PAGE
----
I had the pleasure of eating lunch at Crepes Bonapartes http://www.crepesbonaparte.com food truck the other day. I am not the biggest crepe fan by any means and I am not sure I am now however; this was a wonderful lunch and inspired a similar sandwich creation at home. I had the King Brie crepe. The king brie is creamy brie, crisp apple slices, bacon and turkey breast. Great combination. Nothing was served with the crepe and I think some greens with vinaigrette would have balanced this rich lunch out nicely.
Crepes Bonaparte was featured on the Food Networks “On The Road” show. From their Facebook page “Crepes Bonaparte gourmet food truck and private event crepe bar catering recreates the experience of enjoying French crepes on the streets of Paris, France with made to order breakfast, lunch, and dessert style crepes.”
I really enjoyed my lunch here with two exceptions; I think my crepe was a tad too crispy and it needed something clean and sharp on the side.
So there is some upcoming construction at work and they have called in the food trucks to give us more lunch options as moving our cars on our lunch break will become very difficult; nice gesture I think.
Yesterday I had the pleasure of getting my lunch from the Devilicious Food Truck http://deviliciousfoodtruck.com/. Devilicious was part of the show The Great Food Truck Race on the Food Network. The masterminds behind this comfort food kitchen on wheels are: Dyann Huffman, Kristina Repp and Mark Manning according to the information I found in their Food Network bio. My apologies if there have been changes since that bio was posted.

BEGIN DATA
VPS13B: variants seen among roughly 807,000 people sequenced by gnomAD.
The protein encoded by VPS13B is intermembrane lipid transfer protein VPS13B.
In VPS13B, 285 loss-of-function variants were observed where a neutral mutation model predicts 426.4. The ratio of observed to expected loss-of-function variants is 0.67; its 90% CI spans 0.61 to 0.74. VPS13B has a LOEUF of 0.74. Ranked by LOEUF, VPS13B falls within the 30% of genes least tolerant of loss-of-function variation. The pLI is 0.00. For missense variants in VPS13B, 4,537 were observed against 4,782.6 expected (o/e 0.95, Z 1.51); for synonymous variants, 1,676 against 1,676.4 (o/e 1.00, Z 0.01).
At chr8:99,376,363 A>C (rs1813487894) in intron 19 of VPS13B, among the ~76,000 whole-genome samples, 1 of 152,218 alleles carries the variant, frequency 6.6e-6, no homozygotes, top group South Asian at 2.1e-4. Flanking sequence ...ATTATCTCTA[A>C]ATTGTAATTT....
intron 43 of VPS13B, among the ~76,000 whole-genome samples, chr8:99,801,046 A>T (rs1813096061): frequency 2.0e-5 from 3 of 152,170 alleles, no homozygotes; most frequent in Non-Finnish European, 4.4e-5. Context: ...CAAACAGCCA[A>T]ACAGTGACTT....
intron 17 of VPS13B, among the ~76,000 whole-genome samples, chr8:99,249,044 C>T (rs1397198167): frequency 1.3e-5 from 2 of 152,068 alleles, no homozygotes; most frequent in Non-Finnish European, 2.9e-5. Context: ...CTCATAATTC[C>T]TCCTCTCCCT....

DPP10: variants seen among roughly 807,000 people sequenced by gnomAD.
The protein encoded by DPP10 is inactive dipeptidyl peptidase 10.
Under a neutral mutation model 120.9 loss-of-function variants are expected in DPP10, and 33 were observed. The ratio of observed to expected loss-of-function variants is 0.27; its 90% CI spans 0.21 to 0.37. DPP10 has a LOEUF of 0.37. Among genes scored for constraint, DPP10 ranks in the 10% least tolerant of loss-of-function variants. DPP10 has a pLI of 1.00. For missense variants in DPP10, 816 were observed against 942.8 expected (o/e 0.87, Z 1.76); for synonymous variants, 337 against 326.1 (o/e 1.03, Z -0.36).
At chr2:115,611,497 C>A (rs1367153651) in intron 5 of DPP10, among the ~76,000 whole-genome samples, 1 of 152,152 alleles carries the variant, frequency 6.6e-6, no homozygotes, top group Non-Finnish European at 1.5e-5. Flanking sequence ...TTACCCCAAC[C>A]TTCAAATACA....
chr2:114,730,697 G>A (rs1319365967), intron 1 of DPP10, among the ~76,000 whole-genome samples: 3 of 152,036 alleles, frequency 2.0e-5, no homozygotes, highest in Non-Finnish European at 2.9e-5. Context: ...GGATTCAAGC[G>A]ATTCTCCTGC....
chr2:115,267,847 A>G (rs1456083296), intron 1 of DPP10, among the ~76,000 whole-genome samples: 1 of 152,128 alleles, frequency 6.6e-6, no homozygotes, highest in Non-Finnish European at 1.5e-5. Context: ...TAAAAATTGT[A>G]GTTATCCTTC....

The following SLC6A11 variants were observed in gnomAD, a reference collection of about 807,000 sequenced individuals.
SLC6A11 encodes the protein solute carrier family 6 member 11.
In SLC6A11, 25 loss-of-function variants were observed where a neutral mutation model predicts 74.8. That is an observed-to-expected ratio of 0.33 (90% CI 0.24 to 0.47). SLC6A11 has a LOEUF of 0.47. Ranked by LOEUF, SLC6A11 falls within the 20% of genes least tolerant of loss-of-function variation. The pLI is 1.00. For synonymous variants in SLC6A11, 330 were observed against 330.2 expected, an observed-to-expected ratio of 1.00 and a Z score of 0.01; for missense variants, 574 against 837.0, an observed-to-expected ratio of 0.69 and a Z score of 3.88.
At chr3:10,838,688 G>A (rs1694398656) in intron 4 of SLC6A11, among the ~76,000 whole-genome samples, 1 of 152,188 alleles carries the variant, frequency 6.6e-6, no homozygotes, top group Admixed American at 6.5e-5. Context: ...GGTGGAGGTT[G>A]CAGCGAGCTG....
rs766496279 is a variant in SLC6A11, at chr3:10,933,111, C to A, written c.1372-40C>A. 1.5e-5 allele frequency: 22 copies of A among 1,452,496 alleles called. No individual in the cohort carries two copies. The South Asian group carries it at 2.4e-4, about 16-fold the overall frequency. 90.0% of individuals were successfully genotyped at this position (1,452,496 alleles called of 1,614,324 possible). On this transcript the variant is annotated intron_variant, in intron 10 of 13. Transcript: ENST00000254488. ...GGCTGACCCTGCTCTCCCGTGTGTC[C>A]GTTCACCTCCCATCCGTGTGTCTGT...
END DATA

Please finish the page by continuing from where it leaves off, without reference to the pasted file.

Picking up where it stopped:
The pleasure was all mine as I
wolfed down savored the duck confit grilled cheese with caramelized red onions, gruyere and mozzarella with a honey port reduction on freshly baked sourdough bread. To my surprise it was served with some mixed baby greens in a balsamic vinegar dressing; more on that in a minute. “Confit is an old French technique for preserving duck legs in fat. Although most people no longer have to keep duck through the winter without refrigeration, the technique is still used a lot because it makes for delicious eating. The only difficult part is coming across enough luscious duck fat—you can order it for yourself from www.hudsonvalleyfoiegras.com orwww.dartagnan.com. You can render duck fat yourself, or you can substitute lard. Once you make confit, you can keep it in the fridge for months.” (Davis, 2006)
The grilled cheese was of a generous but not over the top size and was proportionate to its $9.00 price tag. There was plenty of delicious duck and plenty of gooey cheese. The bread was of a good quality; chewy with a great crust and was toasted perfectly. I am a big bread fan and this was good bread; I forgot to ask which bakery was supplying them…next time.
I thought the sandwich was soft and chewy, but don’t be fooled, this was not a soggy sandwich, something I really appreciated. Duck is greasy on its own and luckily I had those mixed baby greens with the dressing as the vinegar helped to cut through some of the richness and duck fat. Great addition and a nice surprise. I would most definitely order this again and again. I’m actually craving one right now.
Davis, M. (2006). Duck confit. Retrieved from http://www.jamesbeard.org/recipes/duck-confit